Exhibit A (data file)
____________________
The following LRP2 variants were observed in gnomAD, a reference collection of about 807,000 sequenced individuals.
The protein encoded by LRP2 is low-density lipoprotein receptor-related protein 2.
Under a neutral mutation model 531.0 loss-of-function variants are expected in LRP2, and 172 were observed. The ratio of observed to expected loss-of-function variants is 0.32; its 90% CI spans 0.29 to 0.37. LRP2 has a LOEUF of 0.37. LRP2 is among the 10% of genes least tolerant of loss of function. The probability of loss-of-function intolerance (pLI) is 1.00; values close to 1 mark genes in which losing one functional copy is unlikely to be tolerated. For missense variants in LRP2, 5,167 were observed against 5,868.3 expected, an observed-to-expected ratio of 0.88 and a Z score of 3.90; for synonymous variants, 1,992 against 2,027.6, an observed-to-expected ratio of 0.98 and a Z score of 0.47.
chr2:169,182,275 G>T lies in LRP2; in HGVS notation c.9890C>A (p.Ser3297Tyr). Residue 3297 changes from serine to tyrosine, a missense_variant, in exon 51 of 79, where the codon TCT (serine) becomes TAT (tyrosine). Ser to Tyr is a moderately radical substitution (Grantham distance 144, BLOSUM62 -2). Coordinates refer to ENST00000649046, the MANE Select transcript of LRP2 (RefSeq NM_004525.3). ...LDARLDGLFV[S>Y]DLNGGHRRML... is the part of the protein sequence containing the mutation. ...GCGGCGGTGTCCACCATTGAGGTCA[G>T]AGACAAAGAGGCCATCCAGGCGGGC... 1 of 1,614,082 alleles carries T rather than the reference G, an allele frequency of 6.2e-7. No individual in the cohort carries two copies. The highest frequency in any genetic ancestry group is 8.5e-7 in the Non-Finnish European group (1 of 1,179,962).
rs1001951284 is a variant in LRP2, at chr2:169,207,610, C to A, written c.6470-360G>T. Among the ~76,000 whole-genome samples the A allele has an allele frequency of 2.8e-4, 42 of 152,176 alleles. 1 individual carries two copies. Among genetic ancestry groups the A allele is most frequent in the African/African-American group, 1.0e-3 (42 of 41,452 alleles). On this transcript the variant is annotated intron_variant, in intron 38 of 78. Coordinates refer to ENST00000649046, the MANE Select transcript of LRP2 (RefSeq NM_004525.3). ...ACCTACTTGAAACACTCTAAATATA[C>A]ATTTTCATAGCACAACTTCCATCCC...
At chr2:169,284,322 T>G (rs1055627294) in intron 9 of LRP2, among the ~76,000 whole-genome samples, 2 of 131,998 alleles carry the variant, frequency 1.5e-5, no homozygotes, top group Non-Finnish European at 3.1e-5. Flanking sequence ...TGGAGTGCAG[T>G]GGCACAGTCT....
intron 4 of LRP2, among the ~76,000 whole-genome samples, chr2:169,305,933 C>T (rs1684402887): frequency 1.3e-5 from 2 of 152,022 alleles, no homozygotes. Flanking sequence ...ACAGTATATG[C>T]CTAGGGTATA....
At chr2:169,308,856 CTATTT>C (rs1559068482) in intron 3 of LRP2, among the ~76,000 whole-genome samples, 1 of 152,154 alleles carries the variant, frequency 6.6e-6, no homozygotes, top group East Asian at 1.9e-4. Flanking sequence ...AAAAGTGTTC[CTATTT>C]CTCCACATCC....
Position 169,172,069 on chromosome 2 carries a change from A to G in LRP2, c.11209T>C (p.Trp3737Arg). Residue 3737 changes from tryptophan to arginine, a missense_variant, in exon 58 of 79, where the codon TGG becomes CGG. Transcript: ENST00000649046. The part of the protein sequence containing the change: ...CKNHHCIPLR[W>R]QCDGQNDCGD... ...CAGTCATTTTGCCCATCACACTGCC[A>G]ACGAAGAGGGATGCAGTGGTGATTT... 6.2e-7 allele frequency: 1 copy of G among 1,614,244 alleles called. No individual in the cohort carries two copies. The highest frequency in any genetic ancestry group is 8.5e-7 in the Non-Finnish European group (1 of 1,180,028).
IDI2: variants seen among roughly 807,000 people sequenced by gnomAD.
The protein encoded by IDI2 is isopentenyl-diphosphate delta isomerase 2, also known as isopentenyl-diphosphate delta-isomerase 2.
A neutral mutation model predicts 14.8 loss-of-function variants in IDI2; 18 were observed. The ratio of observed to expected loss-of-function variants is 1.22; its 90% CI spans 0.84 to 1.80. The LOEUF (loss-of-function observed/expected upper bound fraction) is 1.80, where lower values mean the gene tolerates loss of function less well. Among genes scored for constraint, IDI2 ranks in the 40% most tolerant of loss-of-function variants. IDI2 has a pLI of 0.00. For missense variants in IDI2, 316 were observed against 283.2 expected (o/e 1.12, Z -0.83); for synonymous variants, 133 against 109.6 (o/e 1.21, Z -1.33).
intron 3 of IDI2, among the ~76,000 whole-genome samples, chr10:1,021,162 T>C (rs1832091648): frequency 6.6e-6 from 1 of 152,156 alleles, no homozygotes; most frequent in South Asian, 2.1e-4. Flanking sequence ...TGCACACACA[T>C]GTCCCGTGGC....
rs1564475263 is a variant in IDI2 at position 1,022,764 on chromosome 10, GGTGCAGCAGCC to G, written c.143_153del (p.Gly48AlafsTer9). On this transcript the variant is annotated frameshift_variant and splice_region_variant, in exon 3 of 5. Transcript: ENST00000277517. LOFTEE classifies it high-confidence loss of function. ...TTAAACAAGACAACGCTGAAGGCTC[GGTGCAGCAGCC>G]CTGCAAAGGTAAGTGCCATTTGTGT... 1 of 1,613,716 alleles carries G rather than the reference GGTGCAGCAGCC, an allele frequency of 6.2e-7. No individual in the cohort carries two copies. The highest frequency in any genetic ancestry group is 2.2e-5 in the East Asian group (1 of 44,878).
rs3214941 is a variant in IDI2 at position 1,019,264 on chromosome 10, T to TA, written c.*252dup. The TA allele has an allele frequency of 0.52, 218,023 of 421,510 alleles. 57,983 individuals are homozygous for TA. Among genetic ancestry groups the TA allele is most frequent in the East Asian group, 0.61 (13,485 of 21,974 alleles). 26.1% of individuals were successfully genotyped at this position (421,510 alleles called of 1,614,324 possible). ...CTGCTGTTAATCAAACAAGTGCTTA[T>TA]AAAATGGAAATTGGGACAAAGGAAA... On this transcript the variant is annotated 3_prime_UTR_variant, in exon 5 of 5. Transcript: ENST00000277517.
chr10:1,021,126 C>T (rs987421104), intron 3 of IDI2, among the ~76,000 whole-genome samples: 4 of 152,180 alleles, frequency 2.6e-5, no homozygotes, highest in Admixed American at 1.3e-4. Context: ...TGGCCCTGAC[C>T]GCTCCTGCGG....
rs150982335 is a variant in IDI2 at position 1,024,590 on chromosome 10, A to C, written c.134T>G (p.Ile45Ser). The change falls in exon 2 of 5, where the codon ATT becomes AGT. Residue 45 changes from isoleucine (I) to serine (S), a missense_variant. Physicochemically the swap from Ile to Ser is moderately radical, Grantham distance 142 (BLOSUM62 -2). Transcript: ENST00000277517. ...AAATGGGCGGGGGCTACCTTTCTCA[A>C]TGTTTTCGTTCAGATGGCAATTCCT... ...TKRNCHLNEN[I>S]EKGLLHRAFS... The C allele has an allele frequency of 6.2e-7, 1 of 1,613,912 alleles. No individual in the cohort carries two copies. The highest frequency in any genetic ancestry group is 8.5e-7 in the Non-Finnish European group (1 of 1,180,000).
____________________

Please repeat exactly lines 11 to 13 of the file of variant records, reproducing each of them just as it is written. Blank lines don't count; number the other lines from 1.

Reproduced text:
The protein encoded by IDI2 is isopentenyl-diphosphate delta isomerase 2, also known as isopentenyl-diphosphate delta-isomerase 2.
A neutral mutation model predicts 14.8 loss-of-function variants in IDI2; 18 were observed. The ratio of observed to expected loss-of-function variants is 1.22; its 90% CI spans 0.84 to 1.80. The LOEUF (loss-of-function observed/expected upper bound fraction) is 1.80, where lower values mean the gene tolerates loss of function less well. Among genes scored for constraint, IDI2 ranks in the 40% most tolerant of loss-of-function variants. IDI2 has a pLI of 0.00. For missense variants in IDI2, 316 were observed against 283.2 expected (o/e 1.12, Z -0.83); for synonymous variants, 133 against 109.6 (o/e 1.21, Z -1.33).
intron 3 of IDI2, among the ~76,000 whole-genome samples, chr10:1,021,162 T>C (rs1832091648): frequency 6.6e-6 from 1 of 152,156 alleles, no homozygotes; most frequent in South Asian, 2.1e-4. Flanking sequence ...TGCACACACA[T>C]GTCCCGTGGC....